How to Become a Nurse Practitioner without a Nursing Degree: 5 Steps

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Curious about how to become a nurse practitioner without a nursing degree? If you have prior non-nursing college education, your first step toward meeting the nurse practitioner requirements is to earn a BSN. Then, you’ll need clinical experience, a graduate degree and board certification to become an NP.

nurse with red scrubs and patient

If you hold a bachelor’s degree, it just may be the first step toward a career changing lives as a nurse practitioner (NP). An NP is an advanced practice registered nurse (APRN)—a highly educated and trained nursing professional who can practice with significant autonomy.

The role of a nurse practitioner is to help patients and offer them guidance, treatment and support. If you’re interested in learning how to become a nurse practitioner without a nursing degree, now is the time to leverage your prior experience into a career that is respected, needed, and in high demand.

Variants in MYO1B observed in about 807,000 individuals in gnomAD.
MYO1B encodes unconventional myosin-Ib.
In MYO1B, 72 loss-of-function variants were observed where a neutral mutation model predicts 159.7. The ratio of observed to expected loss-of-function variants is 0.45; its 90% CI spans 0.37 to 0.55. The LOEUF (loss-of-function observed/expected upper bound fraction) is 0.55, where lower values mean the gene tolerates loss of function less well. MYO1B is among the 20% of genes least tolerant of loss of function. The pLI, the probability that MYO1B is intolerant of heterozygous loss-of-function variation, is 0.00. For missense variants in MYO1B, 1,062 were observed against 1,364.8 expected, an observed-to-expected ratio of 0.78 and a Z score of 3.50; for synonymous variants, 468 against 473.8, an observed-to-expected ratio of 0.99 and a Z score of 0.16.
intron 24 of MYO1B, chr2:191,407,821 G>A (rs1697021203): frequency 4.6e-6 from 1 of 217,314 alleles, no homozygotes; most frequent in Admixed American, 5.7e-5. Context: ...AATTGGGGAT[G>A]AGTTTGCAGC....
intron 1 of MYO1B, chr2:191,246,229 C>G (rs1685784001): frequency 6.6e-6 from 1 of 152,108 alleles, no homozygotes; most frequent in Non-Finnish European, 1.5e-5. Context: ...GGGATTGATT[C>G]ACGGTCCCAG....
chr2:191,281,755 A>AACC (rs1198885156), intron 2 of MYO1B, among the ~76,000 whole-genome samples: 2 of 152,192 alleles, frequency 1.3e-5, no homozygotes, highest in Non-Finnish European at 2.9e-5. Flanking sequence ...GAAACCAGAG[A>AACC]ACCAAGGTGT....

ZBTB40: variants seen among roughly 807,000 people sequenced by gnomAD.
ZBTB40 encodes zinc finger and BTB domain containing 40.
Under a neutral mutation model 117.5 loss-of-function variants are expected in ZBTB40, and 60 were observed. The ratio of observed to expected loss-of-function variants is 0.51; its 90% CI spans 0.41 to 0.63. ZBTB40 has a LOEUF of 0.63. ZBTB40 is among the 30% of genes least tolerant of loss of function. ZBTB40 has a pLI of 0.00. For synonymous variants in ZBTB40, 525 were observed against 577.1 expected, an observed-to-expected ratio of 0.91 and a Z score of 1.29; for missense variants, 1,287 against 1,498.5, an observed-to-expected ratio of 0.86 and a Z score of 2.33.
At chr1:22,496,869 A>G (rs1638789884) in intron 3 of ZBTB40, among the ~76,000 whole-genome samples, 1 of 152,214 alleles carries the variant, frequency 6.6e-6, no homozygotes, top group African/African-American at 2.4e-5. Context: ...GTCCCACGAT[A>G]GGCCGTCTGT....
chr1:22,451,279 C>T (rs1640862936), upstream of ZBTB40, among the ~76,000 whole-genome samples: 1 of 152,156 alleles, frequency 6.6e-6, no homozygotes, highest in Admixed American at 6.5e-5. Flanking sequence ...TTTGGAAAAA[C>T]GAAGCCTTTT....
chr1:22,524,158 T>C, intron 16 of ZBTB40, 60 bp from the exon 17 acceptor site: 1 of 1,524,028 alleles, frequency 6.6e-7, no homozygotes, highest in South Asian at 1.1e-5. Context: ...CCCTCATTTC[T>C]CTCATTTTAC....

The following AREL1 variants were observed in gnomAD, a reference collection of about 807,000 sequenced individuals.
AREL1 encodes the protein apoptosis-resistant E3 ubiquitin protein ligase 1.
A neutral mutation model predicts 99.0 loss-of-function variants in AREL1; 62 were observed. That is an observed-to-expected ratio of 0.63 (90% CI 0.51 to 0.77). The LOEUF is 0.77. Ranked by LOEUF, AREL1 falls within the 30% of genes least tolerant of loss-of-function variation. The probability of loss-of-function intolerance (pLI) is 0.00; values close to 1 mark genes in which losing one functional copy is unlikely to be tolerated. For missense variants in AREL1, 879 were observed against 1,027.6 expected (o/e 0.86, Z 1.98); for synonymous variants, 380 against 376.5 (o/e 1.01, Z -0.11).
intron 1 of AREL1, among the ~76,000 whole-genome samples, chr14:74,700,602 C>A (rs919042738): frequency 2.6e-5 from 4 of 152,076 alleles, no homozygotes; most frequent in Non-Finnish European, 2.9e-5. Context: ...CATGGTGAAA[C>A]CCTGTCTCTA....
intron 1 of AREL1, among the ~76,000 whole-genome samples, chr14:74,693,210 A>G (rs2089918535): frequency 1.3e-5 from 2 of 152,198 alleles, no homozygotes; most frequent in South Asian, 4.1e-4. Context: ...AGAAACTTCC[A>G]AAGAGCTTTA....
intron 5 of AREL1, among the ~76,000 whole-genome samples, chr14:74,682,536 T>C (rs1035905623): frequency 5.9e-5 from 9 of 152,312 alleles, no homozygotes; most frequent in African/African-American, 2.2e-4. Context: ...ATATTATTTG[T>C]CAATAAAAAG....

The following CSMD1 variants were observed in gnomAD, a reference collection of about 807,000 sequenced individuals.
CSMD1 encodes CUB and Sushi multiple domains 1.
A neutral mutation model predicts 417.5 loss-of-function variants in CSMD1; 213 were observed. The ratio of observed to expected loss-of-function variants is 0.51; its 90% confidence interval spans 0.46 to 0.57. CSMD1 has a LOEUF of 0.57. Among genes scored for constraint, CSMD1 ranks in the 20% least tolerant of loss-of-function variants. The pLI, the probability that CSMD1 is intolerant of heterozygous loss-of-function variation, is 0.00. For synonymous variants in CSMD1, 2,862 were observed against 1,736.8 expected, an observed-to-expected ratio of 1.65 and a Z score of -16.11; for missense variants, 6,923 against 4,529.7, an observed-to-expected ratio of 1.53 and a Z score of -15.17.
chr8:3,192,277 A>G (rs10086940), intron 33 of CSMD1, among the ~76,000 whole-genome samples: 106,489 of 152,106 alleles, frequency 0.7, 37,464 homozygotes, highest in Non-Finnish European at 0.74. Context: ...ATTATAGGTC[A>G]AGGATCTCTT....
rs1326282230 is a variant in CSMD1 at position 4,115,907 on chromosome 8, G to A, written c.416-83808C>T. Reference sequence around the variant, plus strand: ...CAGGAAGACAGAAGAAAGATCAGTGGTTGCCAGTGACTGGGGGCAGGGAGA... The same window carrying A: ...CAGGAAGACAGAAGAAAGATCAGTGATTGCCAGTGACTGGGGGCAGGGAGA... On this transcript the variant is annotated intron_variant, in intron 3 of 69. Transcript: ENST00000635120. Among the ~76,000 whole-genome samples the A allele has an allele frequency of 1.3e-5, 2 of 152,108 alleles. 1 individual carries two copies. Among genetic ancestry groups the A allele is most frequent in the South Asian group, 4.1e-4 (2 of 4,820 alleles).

According to the U.S. Bureau of Labor Statistics (BLS), the projected job growth rate for all APRNs will increase by 38% between 2022 and 2032. At this job growth rate, healthcare employers will need to hire about 123,600 new APRNs during this period.

Here, we’ll dive into how to become a nurse practitioner with a non-nursing bachelor’s degree and how the University of St. Thomas Houston’s Accelerated Bachelor of Science in Nursing (ABSN) program can help you graduate ready to sit for your nurse licensure exam in as few as 12 months. Once you obtain licensure, you’ll be prepared to tackle the remaining nurse practitioner requirements.

UST nursing student portrait

Interested in learning more about the different levels of nursing? Check out this blog.

What Is an NP?

A nurse practitioner is a registered nurse (RN) who holds a Master of Science in Nursing (MSN) or a Doctor of Nursing Practice (DNP) and has obtained specialty-specific board certification. NPs generally work in hospitals, outpatient care centers, urgent care clinics, community clinics and primary care centers.